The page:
Is gluten free the latest fad diet?
"Gluten free" is certainly a buzz phrase at the moment. It's estimated that just under 2 million people in the United States alone follow a gluten free diet without ever having been diagnosed with celiac disease. But is this diet actually beneficial to our health ?
Gluten is a protein found in wheat, barley, rye and tricale (a cross between wheat and rye). It acts like a 'glue' in foods such as cereal, bread and pasta, helping to hold them together. It can also be found in some cosmetics such as lip balm and even in the glue on stamps and envelopes.
Gluten causes illnesses in some individuals who prove to have a gluten intolerance (Non-celiac gluten sensitivity (NCGS)). It causes symptoms such as gas or bloating, diarrhea, fatigue, headaches, 'foggy' brains and itchy skin.
Additionally around 1 in 100-200 people in North America have celiac disease (as many as 300,000 Canadians have the disease whilst many remain undiagnosed.) 30-40% of people have the genetic background to potentially develop celiac disease, but only about 1-3% of people actually do – it’s not clear why but it may have something to do with the gut microbiome. The gut microbiome is the collection of friendly bacteria that live in your gut. They help to regulate the immune system, control intestinal permeability, digest your food, synthesise nutrients and tell you when you're full.
Celiac disease is a more serious form of gluten intolerance, where gluten triggers an autoimmune response that attacks the lining of the small intestine. This effectively renders the body incapable of absorbing nutrients such as iron, calcium, vitamins A, D, E, K and folate into the body. This can lead to anemia, delayed growth and severe weight loss. Left untreated celiac disease can lead to other conditions such as multiple sclerosis (MS), infertility, osteoporosis, thyroid disease and even some cancers. There is no cure. The only effective treatment for celiac disease is to adopt a strict lifelong gluten free diet.
Should only celiac disease sufferers eat a gluten free diet?
It seems that whilst recent trends have made many consumers restrict their gluten intake, there is limited evidence, outside of celiac disease, that gluten is bad for our health.
Gaynor Bussell, a dietitian and spokesperson for the United Kingdom's Association for Nutrition, stated "Gluten is only bad for health if you are a celiac."
However recent research has revealed that gluten may be playing a role in altered gut function, irritable bowel syndrome, gut microbiome changes and other symptoms, even in non-celiac sufferers.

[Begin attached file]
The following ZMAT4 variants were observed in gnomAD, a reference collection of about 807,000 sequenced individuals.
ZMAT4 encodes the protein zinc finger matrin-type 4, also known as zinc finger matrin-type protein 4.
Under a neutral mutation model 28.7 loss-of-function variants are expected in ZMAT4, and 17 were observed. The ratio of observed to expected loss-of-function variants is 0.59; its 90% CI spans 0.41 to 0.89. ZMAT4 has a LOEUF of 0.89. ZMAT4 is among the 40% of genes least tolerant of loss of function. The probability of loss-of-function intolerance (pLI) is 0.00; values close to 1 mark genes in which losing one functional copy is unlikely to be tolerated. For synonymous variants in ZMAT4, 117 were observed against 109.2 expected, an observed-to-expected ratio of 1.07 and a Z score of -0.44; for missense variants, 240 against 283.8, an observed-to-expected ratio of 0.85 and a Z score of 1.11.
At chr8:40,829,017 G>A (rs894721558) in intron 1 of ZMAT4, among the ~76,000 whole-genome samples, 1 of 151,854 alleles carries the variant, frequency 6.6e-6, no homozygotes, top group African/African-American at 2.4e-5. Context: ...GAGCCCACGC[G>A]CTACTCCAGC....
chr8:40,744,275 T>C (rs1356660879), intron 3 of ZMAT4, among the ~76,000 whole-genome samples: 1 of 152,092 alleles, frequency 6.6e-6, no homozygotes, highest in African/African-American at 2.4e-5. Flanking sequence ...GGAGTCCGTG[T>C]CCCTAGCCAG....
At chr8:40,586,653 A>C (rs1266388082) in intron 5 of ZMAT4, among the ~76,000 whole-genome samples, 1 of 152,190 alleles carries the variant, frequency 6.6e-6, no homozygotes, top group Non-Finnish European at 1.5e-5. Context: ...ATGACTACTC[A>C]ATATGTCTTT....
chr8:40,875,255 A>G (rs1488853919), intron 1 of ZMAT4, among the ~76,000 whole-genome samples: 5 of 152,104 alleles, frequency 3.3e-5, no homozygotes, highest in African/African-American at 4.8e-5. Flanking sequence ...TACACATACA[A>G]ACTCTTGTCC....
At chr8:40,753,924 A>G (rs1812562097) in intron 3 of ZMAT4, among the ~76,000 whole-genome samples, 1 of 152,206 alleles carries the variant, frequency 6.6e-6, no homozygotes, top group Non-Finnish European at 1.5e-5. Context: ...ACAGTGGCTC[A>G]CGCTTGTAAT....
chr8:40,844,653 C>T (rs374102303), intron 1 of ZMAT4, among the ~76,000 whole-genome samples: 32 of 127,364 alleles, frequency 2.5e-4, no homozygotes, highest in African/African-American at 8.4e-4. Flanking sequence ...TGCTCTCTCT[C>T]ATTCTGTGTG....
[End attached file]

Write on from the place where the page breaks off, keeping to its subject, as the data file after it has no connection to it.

But some experts still claim following a gluten free diet, without being a celiac sufferer, may actually be detrimental to our health. According to the Mayo Clinic a gluten free diet can lead to lower levels of iron, calcium, fiber, folate, thiamin, riboflavin and niacin.
Lisa Cimperman, a clinical dietitian at the University Hospitals Case Medical Center in Cleveland, OH, and a spokesperson for the Academy of Nutrition and Dietetics, stated: "Gluten is neither essential nor detrimental to one's health or quality of diet."
However, some nutritionists believe that the focus on gluten free diets may also be driving awareness of celiac disease.
"There is the possibility that those who remain unaware of celiac disease fail to appreciate the seriousness of the disease," said Cimperman. "My hope is that people with celiac disease and other knowledgeable individuals will see this as an opportunity to educate."
What's the verdict? Should I adopt a gluten free diet?
It's clear the jury is still out on adopting a gluten free diet for anyone that doesn't have a gluten intolerance.
Cimperman offers a word of advice:
"Any gastrointestinal symptoms, such as chronic or severe abdominal pain, bloating, or diarrhea should be discussed with a doctor. Your doctor will need to assess for many other conditions that may be causing symptoms. Self-treating may delay proper treatment.
In addition, it is important to continue consuming gluten prior to being tested for celiac disease - following a gluten-free diet prior to being tested may result in a false negative. If you still want to follow a gluten-free diet after celiac disease or any other health problems have been ruled out, talk to a dietitian to make sure your diet contains all the essential nutrients."
However, it's not an option for those suffering from celiac disease or any type of gluten intolerance. They need to avoid any gluten in their diet.
Marcelle's Kitchen's owner John Redman has a daughter with celiac disease and was fed up with the poor tasting gluten free options available. As a result he developed a range of great tasting gluten free products. You can drop in the bakery to buy ready made gluten free goods or order the dry mixes online to bake at home.
Buy Great Tasting Gluten Free Mixes Online Now
With gluten free taste shouldn't be a compromise!